There was more evidence this week of the US slowdown making itself felt among UK manufacturers, with the previously buoyant electronics sector looking more fragile in the latest quarterly survey from the EEF.
While growth in engineering output is still outpacing the rest of the economy, the latest prediction for 2001 has been trimmed back from 3.5% to 3.2%, reflecting the downward trends in the global economy.
‘The two biggest economies in the world, the US and Japan, are faltering, and forecasts are also being revised downwards for Germany, the third biggest,’ said EEF chief economist Stephen Radley.
The US slowdown and the cooling off of the global boom in high-tech industries is expected to halve growth in electronics in the UK from 17% last year to 9% this year, with a further fall in output growth to below 5% expected in 2002. Growing weaknesses Monday’s announcement by Compaq computers that it will lay off workers and cut back production in Scotland – following Nortel Network’s news of job losses last week – was a further sign of the growing weaknesses across the sector.
However, electronics is still forecast to grow faster than the rest of the engineering sector, though growth in aerospace is starting to pick up on the back of new orders for Eurofighter and Airbus, and aerospace companies are now the most bullish about growth.
Among the hardest hit is the automotive components sector, with car makers planning to source more parts from continental Europe. Output and orders for the West Midlands region significantly underperformed the rest of the UK, the survey shows.
The EEF forecasts a total of around 64,000 more job losses in engineering this year, compared with around 45,000 last year. This is creating a positive effect on productivity measures (more output with fewer workers) though there is still a steady downward trend in investment spending, described by Radley as a ‘real worry for the long-term future of UK manufacturing’.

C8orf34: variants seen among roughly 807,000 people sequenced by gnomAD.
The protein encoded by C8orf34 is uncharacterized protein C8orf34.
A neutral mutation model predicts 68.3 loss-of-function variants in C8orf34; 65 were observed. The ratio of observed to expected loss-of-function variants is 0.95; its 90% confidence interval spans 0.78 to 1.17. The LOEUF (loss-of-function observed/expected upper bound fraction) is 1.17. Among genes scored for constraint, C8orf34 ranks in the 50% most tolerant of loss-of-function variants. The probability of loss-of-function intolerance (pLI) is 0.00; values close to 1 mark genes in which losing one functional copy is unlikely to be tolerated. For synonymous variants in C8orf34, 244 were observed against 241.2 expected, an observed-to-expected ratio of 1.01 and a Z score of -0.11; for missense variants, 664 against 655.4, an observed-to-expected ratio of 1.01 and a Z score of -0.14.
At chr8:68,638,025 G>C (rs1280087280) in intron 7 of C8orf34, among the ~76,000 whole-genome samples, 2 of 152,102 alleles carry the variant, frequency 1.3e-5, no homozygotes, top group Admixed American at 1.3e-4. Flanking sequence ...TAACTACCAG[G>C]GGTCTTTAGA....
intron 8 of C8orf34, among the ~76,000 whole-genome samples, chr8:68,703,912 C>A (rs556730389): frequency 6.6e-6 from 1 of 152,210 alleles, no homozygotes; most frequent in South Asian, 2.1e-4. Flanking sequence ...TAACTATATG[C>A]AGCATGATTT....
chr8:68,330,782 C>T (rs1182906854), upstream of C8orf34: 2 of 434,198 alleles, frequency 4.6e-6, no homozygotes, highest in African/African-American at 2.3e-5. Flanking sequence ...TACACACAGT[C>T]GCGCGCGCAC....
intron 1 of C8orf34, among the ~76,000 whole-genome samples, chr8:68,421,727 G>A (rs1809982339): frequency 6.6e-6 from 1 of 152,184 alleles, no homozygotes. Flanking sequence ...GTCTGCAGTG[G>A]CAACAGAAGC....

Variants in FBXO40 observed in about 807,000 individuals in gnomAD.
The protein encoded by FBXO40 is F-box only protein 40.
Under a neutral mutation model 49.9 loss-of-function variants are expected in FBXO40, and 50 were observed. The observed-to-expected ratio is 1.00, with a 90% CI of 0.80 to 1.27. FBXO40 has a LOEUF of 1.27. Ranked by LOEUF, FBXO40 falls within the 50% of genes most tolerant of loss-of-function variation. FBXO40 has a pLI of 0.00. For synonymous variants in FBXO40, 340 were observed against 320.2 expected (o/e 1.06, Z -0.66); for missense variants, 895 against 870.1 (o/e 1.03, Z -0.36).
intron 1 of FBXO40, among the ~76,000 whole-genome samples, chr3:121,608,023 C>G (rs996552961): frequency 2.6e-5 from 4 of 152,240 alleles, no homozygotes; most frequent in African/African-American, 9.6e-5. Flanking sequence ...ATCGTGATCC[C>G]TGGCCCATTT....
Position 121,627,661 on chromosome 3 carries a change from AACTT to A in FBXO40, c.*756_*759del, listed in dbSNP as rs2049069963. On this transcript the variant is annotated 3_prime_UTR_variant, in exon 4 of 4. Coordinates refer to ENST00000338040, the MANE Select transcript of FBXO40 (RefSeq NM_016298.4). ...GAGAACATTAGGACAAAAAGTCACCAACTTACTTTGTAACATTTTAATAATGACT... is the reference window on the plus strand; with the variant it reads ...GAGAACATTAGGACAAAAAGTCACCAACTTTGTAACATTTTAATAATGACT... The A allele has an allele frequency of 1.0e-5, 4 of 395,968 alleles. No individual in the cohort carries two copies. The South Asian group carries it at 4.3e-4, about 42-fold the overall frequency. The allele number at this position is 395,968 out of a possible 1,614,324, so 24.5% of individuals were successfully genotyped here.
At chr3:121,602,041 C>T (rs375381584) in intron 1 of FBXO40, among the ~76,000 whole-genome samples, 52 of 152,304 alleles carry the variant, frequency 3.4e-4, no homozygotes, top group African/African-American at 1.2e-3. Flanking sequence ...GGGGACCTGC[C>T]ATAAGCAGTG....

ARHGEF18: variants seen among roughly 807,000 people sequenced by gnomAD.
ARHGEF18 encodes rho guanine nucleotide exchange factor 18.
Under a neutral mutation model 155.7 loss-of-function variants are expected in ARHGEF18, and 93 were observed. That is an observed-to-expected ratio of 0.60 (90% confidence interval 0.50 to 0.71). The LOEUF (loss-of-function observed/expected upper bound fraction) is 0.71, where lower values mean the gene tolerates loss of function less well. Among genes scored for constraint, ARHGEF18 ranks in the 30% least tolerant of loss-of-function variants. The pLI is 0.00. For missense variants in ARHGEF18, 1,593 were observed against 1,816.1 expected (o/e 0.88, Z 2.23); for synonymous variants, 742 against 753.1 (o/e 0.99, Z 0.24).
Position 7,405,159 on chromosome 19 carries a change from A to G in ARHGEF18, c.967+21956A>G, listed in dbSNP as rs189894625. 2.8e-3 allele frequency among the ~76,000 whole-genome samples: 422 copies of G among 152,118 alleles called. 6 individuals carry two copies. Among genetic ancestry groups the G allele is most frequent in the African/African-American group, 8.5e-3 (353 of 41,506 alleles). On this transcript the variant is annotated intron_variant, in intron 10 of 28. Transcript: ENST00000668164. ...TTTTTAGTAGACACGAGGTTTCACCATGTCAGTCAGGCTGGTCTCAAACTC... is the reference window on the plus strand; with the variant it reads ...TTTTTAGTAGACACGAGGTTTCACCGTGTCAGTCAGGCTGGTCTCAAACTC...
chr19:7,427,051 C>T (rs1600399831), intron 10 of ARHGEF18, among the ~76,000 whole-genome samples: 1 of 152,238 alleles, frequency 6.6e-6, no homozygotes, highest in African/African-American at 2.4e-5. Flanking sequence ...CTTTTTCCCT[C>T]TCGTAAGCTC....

Export orders also look weaker, and for the first time in 12 months a majority of firms is reporting falling orders, according to the survey. Exporters to the EU seem to be holding up strongly, where, despite the downward trend of growth in Germany, ‘the overall outlook for the EU is not bad’, said Radley.
Meanwhile, the Chartered Institute of Purchasing and Supply’s March report also said the US’s economic problems are having an impact on the UK.
Roy Ayliffe, CIPS director of professional practices, said the first effects of the US slowdown on the UK economy are now evident with manufacturing firms experiencing the first output drop since last November and the first reduction in orders in two years.
The seasonally adjusted output index for the whole manufacturing economy measured 49.1 points in March, down from 53.6 points in February, the first fall in six months. The new orders index measured 49.9 in March compared with 54.7 in theprevious month.
This week US battery maker Exide Technologies said it is to cut jobs at its plant in Cwmbran, Wales, as part of a plan to cut costs by £63m. AEEU regional organiser for Wales, Brian Godsall said: ‘We’re not looking at closure. The company is looking at restructuring for more flexible work practices, but there will be a head count reduction.’
Job cuts possible
US-owned automotive and aerospace supplier TRW is undertaking a strategic review which could result in job cuts in the UK, including former LucasVarity plants in the West Midlands.
The UK firm denied that the restructuring was linked to parent company problems. A spokesman said plans for redundancies were due to reduced demand from UK-based car companies, not the US market.
The threat of a US-inspired economic slowdown increased pressure on the Bank of England to cut interest rates on Thursday. The European Central Bank is also coming under pressure from the International Monetary Fund to reduce its 4.75% rate.
However, despite the gloom, figures released this week by the US National Association of Purchasing Management said its index of factory activity rose for the first time in more than 12 months, and car sales were higher than expected, prompting cautious optimism from US manufacturers.